Year of Award


Document Type


Degree Type

Master of Science (MS)

Degree Name

Health and Human Performance (Exercise Science Option)

Department or School/College

Department of Health and Human Performance

Committee Chair

Matthew Bundle

Commitee Members

Steven Gaskill, Alex Santos


ground reaction force, sprinting, biomechanics, over ground running, high speed treadmill, running, gait


University of Montana


This thesis proposal describes the design, fabrication, and testing of a high-speed force treadmill capable of measuring the vertical and horizontal ground reaction forces imparted to the bed during the stance phase of human running. Natural frequency, crosstalk, linearity, use of aluminum line shaft with flexible couplings, center of pressures, and comparison to over-ground running were investigated. The natural frequency of the treadmill bed was 113 Hz achieved in part through the use of the line shaft to remove the mass of the motor (36.8 kg) with negligible dissipation of imparted force to the treadmill. The linearity test results showed a high linearity of the force treadmill up to expected forces of human sprinting as well as minimal crosstalk. The center of pressure accuracy was extremely high using measured vertical forces to determine the point of force application. Ground reaction force waveforms in both the horizontal and vertical directions for speeds up to 8.1 ms-1 on the high speed force treadmill were nearly identical to the established methods of in ground force plates in both magnitude of force and duration of contact for same speeds by same subject. The high speed force treadmill demonstrated acceptable accuracy for ground reaction forces such that it can be used for a variety of research gait analysis applications up to the limits of human running speed.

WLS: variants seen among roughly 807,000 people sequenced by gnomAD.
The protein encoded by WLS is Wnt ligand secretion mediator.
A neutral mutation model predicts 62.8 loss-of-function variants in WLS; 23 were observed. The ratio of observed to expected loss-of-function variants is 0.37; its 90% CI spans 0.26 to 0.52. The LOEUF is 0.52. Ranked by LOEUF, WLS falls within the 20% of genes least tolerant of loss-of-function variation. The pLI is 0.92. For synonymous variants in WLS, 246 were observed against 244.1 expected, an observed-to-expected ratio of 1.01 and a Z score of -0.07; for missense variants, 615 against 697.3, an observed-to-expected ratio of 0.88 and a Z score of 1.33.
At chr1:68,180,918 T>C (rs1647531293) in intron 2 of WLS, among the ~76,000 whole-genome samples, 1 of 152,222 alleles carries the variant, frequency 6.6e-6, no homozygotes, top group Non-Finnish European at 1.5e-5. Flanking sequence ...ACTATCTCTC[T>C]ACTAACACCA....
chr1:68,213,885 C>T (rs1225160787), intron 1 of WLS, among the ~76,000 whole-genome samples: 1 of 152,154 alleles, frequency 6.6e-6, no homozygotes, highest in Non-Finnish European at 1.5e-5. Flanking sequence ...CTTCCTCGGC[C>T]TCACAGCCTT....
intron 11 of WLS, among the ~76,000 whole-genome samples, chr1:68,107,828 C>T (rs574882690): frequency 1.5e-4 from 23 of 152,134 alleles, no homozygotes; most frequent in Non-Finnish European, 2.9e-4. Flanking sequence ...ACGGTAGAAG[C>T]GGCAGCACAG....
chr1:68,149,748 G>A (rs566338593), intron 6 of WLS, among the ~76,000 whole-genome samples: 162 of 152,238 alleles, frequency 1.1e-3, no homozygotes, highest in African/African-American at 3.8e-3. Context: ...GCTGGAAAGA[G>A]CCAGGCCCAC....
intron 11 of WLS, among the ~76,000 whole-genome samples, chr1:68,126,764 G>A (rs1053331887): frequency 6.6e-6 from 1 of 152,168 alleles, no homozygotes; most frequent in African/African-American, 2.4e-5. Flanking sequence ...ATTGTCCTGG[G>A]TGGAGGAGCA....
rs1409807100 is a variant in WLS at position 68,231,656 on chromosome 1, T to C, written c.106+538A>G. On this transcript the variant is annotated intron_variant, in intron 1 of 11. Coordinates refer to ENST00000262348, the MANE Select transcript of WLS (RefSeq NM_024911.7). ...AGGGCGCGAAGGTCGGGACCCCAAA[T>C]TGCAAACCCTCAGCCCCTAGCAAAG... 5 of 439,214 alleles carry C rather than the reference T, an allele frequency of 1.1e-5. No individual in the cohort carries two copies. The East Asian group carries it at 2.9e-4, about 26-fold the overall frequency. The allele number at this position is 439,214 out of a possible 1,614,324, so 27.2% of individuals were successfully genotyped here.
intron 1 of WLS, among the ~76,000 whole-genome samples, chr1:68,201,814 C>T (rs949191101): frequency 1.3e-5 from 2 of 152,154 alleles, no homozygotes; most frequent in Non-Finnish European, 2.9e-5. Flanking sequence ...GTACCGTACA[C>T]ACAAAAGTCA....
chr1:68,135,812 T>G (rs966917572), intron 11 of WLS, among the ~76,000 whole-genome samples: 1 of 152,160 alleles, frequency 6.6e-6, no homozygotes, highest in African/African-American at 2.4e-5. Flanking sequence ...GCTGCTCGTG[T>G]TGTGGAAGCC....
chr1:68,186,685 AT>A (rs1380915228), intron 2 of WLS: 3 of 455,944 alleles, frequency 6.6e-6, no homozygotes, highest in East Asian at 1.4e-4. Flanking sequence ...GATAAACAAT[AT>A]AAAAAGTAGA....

© Copyright 2014 Michael Ora Powell